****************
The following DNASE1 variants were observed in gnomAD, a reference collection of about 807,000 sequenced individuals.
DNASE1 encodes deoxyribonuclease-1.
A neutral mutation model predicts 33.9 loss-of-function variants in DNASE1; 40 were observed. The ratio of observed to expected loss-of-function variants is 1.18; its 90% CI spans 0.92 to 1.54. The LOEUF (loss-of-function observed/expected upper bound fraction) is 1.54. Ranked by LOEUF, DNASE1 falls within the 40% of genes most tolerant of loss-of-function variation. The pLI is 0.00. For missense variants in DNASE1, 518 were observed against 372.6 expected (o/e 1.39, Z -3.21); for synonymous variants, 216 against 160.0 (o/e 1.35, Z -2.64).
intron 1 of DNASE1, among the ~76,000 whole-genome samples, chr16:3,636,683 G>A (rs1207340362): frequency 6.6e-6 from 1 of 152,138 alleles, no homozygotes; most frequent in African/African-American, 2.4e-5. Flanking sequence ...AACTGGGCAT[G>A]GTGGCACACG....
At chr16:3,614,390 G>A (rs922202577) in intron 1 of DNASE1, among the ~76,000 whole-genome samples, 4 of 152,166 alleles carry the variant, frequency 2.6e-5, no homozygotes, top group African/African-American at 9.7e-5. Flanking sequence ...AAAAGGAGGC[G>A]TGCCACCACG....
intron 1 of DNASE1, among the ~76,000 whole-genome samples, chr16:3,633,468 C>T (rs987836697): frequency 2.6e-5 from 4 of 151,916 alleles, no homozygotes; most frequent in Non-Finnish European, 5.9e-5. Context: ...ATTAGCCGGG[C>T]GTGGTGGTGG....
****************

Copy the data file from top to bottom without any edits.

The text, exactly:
The following DNASE1 variants were observed in gnomAD, a reference collection of about 807,000 sequenced individuals.
DNASE1 encodes deoxyribonuclease-1.
A neutral mutation model predicts 33.9 loss-of-function variants in DNASE1; 40 were observed. The ratio of observed to expected loss-of-function variants is 1.18; its 90% CI spans 0.92 to 1.54. The LOEUF (loss-of-function observed/expected upper bound fraction) is 1.54. Ranked by LOEUF, DNASE1 falls within the 40% of genes most tolerant of loss-of-function variation. The pLI is 0.00. For missense variants in DNASE1, 518 were observed against 372.6 expected (o/e 1.39, Z -3.21); for synonymous variants, 216 against 160.0 (o/e 1.35, Z -2.64).
intron 1 of DNASE1, among the ~76,000 whole-genome samples, chr16:3,636,683 G>A (rs1207340362): frequency 6.6e-6 from 1 of 152,138 alleles, no homozygotes; most frequent in African/African-American, 2.4e-5. Flanking sequence ...AACTGGGCAT[G>A]GTGGCACACG....
At chr16:3,614,390 G>A (rs922202577) in intron 1 of DNASE1, among the ~76,000 whole-genome samples, 4 of 152,166 alleles carry the variant, frequency 2.6e-5, no homozygotes, top group African/African-American at 9.7e-5. Flanking sequence ...AAAAGGAGGC[G>A]TGCCACCACG....
intron 1 of DNASE1, among the ~76,000 whole-genome samples, chr16:3,633,468 C>T (rs987836697): frequency 2.6e-5 from 4 of 151,916 alleles, no homozygotes; most frequent in Non-Finnish European, 5.9e-5. Context: ...ATTAGCCGGG[C>T]GTGGTGGTGG....